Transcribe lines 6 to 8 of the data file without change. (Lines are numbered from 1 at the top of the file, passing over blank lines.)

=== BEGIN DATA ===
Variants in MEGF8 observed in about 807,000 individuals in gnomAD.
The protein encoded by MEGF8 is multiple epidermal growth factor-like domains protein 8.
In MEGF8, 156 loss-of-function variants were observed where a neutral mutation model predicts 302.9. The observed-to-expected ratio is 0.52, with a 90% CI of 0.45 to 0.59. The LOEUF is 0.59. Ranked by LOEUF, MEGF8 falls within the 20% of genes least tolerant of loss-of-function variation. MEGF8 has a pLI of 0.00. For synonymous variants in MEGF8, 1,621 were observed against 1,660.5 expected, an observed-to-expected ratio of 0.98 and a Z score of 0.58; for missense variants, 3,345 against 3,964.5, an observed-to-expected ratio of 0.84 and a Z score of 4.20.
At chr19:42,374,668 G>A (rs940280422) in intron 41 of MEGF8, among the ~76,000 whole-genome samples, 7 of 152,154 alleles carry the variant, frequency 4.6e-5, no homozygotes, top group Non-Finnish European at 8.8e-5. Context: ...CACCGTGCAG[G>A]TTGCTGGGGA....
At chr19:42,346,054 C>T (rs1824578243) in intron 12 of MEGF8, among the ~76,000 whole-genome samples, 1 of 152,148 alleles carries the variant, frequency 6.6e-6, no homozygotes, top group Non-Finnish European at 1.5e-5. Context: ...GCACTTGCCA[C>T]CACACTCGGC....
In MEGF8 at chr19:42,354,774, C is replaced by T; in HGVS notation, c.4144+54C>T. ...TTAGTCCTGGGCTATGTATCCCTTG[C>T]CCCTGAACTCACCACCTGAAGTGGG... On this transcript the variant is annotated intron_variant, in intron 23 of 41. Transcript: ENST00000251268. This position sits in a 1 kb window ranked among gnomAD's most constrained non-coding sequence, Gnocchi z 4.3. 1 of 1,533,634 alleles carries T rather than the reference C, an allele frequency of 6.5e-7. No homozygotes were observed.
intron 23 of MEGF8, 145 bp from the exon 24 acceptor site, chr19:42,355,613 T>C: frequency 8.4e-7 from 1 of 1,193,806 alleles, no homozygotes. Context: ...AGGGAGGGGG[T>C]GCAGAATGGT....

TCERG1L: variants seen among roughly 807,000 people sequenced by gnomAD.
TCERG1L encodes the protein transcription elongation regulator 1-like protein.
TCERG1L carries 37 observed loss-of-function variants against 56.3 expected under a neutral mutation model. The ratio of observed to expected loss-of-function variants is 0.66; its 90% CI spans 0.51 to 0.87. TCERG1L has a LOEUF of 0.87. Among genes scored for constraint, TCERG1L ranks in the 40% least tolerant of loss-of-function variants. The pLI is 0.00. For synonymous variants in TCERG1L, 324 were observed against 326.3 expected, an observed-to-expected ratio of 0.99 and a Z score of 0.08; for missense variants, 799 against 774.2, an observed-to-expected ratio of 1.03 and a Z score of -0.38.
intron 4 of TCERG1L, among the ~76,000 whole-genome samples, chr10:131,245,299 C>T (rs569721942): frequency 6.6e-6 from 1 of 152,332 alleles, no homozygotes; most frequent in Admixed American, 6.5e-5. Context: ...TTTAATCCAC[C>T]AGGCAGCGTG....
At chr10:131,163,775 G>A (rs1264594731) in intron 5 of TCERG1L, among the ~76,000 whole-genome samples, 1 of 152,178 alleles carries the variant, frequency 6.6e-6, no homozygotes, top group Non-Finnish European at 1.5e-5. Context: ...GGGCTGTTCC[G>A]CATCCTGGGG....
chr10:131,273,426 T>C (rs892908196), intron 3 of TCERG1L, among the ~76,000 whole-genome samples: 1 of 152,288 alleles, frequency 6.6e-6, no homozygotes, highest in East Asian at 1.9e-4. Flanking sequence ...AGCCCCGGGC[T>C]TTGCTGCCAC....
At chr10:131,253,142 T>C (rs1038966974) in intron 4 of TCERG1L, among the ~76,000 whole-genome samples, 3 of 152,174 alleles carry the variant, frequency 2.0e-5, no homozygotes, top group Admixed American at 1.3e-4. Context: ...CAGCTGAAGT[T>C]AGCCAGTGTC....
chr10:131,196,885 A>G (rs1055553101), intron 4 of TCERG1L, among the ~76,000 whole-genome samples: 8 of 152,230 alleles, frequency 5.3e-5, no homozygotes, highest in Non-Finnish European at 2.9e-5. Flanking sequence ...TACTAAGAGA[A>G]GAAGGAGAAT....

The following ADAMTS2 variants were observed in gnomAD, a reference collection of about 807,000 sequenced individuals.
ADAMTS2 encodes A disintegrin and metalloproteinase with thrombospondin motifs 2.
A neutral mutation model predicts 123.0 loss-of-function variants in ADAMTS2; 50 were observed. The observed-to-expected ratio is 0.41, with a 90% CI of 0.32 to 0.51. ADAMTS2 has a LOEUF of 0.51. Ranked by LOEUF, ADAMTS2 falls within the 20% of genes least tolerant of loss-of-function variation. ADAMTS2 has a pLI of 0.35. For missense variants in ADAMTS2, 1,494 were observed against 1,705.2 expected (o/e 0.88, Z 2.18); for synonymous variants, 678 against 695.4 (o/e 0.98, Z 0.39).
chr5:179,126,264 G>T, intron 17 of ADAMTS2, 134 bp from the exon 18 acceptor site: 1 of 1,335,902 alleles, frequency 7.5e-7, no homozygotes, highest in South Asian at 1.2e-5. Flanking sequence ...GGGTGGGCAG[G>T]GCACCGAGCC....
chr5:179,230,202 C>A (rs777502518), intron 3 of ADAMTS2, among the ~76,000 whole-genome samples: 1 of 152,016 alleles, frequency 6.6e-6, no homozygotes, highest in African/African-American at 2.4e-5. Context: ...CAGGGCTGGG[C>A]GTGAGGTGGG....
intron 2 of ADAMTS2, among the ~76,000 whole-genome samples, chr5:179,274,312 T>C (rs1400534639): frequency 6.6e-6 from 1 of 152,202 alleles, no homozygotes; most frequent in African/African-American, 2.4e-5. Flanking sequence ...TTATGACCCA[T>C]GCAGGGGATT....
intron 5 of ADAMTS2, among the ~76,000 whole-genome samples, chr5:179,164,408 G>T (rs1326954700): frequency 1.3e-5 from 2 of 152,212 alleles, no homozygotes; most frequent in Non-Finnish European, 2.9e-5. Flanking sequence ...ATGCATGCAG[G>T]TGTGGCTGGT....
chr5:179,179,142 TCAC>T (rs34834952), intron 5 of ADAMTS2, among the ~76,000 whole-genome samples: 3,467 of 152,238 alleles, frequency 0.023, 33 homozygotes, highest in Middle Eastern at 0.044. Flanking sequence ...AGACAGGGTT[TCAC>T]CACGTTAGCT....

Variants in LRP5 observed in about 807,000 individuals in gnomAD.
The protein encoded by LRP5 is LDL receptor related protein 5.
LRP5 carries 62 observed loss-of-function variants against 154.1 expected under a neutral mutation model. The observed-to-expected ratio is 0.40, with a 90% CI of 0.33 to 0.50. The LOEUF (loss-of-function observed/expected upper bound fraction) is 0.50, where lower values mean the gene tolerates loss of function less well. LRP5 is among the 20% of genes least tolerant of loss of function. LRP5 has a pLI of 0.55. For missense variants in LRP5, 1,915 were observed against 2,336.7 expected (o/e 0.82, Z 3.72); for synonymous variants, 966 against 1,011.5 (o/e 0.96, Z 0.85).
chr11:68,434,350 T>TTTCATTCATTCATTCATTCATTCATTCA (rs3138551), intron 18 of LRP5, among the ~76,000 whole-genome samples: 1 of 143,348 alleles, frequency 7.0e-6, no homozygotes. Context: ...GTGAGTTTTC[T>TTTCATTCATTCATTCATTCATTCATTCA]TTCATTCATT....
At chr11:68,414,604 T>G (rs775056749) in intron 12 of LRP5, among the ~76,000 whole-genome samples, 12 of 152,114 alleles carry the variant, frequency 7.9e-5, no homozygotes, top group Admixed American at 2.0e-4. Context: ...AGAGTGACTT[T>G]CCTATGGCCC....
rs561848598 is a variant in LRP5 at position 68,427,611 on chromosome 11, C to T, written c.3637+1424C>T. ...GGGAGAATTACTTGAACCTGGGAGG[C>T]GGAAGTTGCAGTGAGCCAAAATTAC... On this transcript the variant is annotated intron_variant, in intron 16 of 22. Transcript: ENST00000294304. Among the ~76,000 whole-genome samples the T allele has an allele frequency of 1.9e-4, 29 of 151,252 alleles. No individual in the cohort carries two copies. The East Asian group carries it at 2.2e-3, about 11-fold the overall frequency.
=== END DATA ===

In MEGF8 at chr19:42,354,774, C is replaced by T; in HGVS notation, c.4144+54C>T. ...TTAGTCCTGGGCTATGTATCCCTTG[C>T]CCCTGAACTCACCACCTGAAGTGGG... On this transcript the variant is annotated intron_variant, in intron 23 of 41. Transcript: ENST00000251268. This position sits in a 1 kb window ranked among gnomAD's most constrained non-coding sequence, Gnocchi z 4.3. 1 of 1,533,634 alleles carries T rather than the reference C, an allele frequency of 6.5e-7. No homozygotes were observed.
intron 23 of MEGF8, 145 bp from the exon 24 acceptor site, chr19:42,355,613 T>C: frequency 8.4e-7 from 1 of 1,193,806 alleles, no homozygotes. Context: ...AGGGAGGGGG[T>C]GCAGAATGGT....

TCERG1L: variants seen among roughly 807,000 people sequenced by gnomAD.